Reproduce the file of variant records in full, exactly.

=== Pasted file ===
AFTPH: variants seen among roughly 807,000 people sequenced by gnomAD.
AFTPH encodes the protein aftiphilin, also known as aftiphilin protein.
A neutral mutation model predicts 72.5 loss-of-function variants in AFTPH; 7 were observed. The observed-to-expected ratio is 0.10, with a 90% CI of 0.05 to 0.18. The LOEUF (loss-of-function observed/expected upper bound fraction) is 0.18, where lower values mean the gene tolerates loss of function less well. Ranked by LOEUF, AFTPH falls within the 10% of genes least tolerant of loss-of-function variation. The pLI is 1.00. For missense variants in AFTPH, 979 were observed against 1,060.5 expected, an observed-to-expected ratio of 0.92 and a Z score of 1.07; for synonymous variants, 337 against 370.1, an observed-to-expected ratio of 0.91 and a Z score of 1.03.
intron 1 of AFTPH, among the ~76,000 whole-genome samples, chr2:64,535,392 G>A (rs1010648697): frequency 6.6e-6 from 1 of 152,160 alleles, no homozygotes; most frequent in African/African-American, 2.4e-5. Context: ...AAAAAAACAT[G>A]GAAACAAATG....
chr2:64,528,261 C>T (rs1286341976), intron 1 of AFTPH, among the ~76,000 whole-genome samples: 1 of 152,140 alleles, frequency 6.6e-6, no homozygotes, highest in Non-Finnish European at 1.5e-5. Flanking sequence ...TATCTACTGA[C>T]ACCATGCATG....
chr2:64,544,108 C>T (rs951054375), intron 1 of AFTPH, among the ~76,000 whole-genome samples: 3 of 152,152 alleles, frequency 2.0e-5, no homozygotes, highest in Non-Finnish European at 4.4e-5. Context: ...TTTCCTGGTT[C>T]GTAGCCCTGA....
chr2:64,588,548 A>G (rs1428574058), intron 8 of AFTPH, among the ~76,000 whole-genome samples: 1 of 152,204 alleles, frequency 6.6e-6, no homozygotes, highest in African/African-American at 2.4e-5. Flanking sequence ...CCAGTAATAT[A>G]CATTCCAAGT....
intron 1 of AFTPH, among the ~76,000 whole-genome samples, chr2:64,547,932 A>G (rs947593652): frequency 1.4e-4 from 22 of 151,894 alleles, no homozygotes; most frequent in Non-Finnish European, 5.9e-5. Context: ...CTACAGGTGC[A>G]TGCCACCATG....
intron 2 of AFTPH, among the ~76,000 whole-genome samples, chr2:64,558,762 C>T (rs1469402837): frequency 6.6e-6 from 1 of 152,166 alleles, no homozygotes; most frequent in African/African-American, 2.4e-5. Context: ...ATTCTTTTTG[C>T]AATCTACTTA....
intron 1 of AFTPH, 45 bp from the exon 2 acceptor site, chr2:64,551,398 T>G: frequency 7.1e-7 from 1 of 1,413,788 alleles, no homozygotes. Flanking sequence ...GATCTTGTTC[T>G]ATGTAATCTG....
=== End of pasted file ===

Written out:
AFTPH: variants seen among roughly 807,000 people sequenced by gnomAD.
AFTPH encodes the protein aftiphilin, also known as aftiphilin protein.
A neutral mutation model predicts 72.5 loss-of-function variants in AFTPH; 7 were observed. The observed-to-expected ratio is 0.10, with a 90% CI of 0.05 to 0.18. The LOEUF (loss-of-function observed/expected upper bound fraction) is 0.18, where lower values mean the gene tolerates loss of function less well. Ranked by LOEUF, AFTPH falls within the 10% of genes least tolerant of loss-of-function variation. The pLI is 1.00. For missense variants in AFTPH, 979 were observed against 1,060.5 expected, an observed-to-expected ratio of 0.92 and a Z score of 1.07; for synonymous variants, 337 against 370.1, an observed-to-expected ratio of 0.91 and a Z score of 1.03.
intron 1 of AFTPH, among the ~76,000 whole-genome samples, chr2:64,535,392 G>A (rs1010648697): frequency 6.6e-6 from 1 of 152,160 alleles, no homozygotes; most frequent in African/African-American, 2.4e-5. Context: ...AAAAAAACAT[G>A]GAAACAAATG....
chr2:64,528,261 C>T (rs1286341976), intron 1 of AFTPH, among the ~76,000 whole-genome samples: 1 of 152,140 alleles, frequency 6.6e-6, no homozygotes, highest in Non-Finnish European at 1.5e-5. Flanking sequence ...TATCTACTGA[C>T]ACCATGCATG....
chr2:64,544,108 C>T (rs951054375), intron 1 of AFTPH, among the ~76,000 whole-genome samples: 3 of 152,152 alleles, frequency 2.0e-5, no homozygotes, highest in Non-Finnish European at 4.4e-5. Context: ...TTTCCTGGTT[C>T]GTAGCCCTGA....
chr2:64,588,548 A>G (rs1428574058), intron 8 of AFTPH, among the ~76,000 whole-genome samples: 1 of 152,204 alleles, frequency 6.6e-6, no homozygotes, highest in African/African-American at 2.4e-5. Flanking sequence ...CCAGTAATAT[A>G]CATTCCAAGT....
intron 1 of AFTPH, among the ~76,000 whole-genome samples, chr2:64,547,932 A>G (rs947593652): frequency 1.4e-4 from 22 of 151,894 alleles, no homozygotes; most frequent in Non-Finnish European, 5.9e-5. Context: ...CTACAGGTGC[A>G]TGCCACCATG....
intron 2 of AFTPH, among the ~76,000 whole-genome samples, chr2:64,558,762 C>T (rs1469402837): frequency 6.6e-6 from 1 of 152,166 alleles, no homozygotes; most frequent in African/African-American, 2.4e-5. Context: ...ATTCTTTTTG[C>T]AATCTACTTA....
intron 1 of AFTPH, 45 bp from the exon 2 acceptor site, chr2:64,551,398 T>G: frequency 7.1e-7 from 1 of 1,413,788 alleles, no homozygotes. Flanking sequence ...GATCTTGTTC[T>G]ATGTAATCTG....